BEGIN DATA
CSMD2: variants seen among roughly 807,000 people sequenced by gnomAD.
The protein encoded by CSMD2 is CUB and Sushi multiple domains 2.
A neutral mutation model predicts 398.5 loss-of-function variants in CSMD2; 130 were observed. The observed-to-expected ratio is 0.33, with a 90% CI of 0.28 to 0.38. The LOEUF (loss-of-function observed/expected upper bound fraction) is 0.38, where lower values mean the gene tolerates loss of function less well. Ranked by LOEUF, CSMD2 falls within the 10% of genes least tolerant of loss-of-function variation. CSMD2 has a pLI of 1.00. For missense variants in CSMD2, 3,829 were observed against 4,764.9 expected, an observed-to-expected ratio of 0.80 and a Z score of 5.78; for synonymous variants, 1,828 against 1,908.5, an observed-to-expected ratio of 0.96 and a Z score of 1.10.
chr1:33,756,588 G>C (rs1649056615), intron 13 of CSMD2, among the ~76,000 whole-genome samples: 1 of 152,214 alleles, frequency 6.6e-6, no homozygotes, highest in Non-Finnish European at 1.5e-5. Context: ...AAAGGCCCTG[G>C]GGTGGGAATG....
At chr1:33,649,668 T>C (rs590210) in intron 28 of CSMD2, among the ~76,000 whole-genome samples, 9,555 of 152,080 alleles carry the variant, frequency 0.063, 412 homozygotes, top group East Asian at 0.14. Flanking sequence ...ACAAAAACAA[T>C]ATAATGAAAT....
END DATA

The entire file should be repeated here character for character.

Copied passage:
CSMD2: variants seen among roughly 807,000 people sequenced by gnomAD.
The protein encoded by CSMD2 is CUB and Sushi multiple domains 2.
A neutral mutation model predicts 398.5 loss-of-function variants in CSMD2; 130 were observed. The observed-to-expected ratio is 0.33, with a 90% CI of 0.28 to 0.38. The LOEUF (loss-of-function observed/expected upper bound fraction) is 0.38, where lower values mean the gene tolerates loss of function less well. Ranked by LOEUF, CSMD2 falls within the 10% of genes least tolerant of loss-of-function variation. CSMD2 has a pLI of 1.00. For missense variants in CSMD2, 3,829 were observed against 4,764.9 expected, an observed-to-expected ratio of 0.80 and a Z score of 5.78; for synonymous variants, 1,828 against 1,908.5, an observed-to-expected ratio of 0.96 and a Z score of 1.10.
chr1:33,756,588 G>C (rs1649056615), intron 13 of CSMD2, among the ~76,000 whole-genome samples: 1 of 152,214 alleles, frequency 6.6e-6, no homozygotes, highest in Non-Finnish European at 1.5e-5. Context: ...AAAGGCCCTG[G>C]GGTGGGAATG....
At chr1:33,649,668 T>C (rs590210) in intron 28 of CSMD2, among the ~76,000 whole-genome samples, 9,555 of 152,080 alleles carry the variant, frequency 0.063, 412 homozygotes, top group East Asian at 0.14. Flanking sequence ...ACAAAAACAA[T>C]ATAATGAAAT....